See Board of Governors of the Federal Reserve System (2012), “Federal Reserve Issues FOMC
Statement,” press release, September 13,

-2rates and raising equity prices and home prices, effects that have supported household
and business spending.
In March 2013, the Committee began noting in its postmeeting statement that it
would consider “the extent of progress toward its economic objectives” in judging “the

size, pace, and composition of its asset purchases.” In late May, the Chairman stated, in
response to a question during a congressional hearing, that the Committee might begin to
reduce the pace of asset purchases “over the next few meetings.” 3 A few weeks later, at
his press conference after the June 2013 FOMC meeting, the Chairman noted that the
substantial improvement test might well be met over the coming year, and he therefore
set forth a framework designed to clarify the path of purchases. 4
Under the most recent articulation of that framework, in considering when to
reduce purchases, the Committee will “assess whether incoming information continues to
support [its] expectation of ongoing improvement in labor market conditions and
inflation moving back toward its longer-run objective.” 5 The path of purchases is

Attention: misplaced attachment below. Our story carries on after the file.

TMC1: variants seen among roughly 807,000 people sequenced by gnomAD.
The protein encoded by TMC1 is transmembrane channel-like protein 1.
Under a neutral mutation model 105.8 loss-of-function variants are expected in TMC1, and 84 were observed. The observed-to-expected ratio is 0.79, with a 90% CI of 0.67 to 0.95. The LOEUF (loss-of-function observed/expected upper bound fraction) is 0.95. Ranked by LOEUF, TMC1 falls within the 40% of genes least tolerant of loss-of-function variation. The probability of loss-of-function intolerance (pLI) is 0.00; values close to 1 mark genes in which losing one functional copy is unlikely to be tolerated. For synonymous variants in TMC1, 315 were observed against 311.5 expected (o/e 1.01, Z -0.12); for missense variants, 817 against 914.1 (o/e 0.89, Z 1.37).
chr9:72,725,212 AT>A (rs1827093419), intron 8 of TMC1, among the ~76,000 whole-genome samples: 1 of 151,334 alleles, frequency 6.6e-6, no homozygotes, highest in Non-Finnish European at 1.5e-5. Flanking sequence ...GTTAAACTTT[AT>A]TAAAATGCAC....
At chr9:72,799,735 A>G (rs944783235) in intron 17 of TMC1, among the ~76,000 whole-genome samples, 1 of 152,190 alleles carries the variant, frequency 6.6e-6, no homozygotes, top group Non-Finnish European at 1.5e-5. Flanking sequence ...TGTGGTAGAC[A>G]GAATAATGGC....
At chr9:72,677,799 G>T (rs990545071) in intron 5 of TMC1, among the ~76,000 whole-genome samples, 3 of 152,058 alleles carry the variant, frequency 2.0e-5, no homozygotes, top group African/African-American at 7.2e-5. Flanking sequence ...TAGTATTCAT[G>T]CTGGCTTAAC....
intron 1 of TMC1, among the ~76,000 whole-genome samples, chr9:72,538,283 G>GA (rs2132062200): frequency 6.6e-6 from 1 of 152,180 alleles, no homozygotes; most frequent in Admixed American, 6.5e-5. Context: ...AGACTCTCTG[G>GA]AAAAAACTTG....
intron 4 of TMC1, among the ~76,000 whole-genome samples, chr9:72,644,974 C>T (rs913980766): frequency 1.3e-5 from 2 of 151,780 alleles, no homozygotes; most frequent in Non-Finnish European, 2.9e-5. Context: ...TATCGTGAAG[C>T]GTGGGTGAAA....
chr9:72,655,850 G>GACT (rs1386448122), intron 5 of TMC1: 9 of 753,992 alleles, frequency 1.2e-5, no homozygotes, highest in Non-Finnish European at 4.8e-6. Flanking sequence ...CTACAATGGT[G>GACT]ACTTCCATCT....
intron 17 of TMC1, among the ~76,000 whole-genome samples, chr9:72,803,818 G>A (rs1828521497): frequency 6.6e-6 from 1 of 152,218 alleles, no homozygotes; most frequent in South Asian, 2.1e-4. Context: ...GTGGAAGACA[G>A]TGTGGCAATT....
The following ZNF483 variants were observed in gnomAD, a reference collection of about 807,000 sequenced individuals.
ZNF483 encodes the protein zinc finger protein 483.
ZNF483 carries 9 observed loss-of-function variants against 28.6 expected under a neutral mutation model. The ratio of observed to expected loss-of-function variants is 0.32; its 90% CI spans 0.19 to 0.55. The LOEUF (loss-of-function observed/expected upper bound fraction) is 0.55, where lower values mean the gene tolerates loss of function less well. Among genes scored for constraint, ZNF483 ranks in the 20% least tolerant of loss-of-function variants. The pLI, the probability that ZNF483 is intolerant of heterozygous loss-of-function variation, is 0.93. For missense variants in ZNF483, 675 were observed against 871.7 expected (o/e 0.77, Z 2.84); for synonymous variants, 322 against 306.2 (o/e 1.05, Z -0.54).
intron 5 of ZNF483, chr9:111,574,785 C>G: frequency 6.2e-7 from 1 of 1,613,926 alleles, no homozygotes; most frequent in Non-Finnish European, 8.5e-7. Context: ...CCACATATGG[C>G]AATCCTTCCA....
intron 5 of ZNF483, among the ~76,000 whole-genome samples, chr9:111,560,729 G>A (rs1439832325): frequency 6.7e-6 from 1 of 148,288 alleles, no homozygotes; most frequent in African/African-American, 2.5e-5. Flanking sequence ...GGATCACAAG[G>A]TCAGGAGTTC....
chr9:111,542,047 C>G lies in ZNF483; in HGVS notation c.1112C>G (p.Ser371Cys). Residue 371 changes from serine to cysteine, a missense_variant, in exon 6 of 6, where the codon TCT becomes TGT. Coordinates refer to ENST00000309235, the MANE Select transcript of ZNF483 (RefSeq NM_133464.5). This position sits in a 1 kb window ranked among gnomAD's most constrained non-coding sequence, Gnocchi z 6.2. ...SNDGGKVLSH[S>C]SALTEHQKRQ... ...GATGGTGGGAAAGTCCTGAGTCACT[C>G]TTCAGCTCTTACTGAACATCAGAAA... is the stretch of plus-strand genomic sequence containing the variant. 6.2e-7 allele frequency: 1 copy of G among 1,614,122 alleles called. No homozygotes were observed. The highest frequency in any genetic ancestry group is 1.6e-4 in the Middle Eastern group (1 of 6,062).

entirely data dependent, as numerous FOMC participants have emphasized in public
The market reaction to the Chairman’s May testimony and the June FOMC press
conference was significant, particularly given the modest character of the news: that the
Committee might bring purchases to a gradual halt over the course of a full year, but only


See Board of Governors of the Federal Reserve System (2013), “Federal Reserve Issues FOMC
Statement,” press release, March 20,
The Chairman delivered a statement before the Joint Economic Committee, U.S. Congress, on May 22,
Information on the Chairman’s June 19. 2013, press conference is available on the Board’s website at
See Board of Governors of the Federal Reserve System (2013), “Federal Reserve Issues FOMC
Statement,” press release, September 18,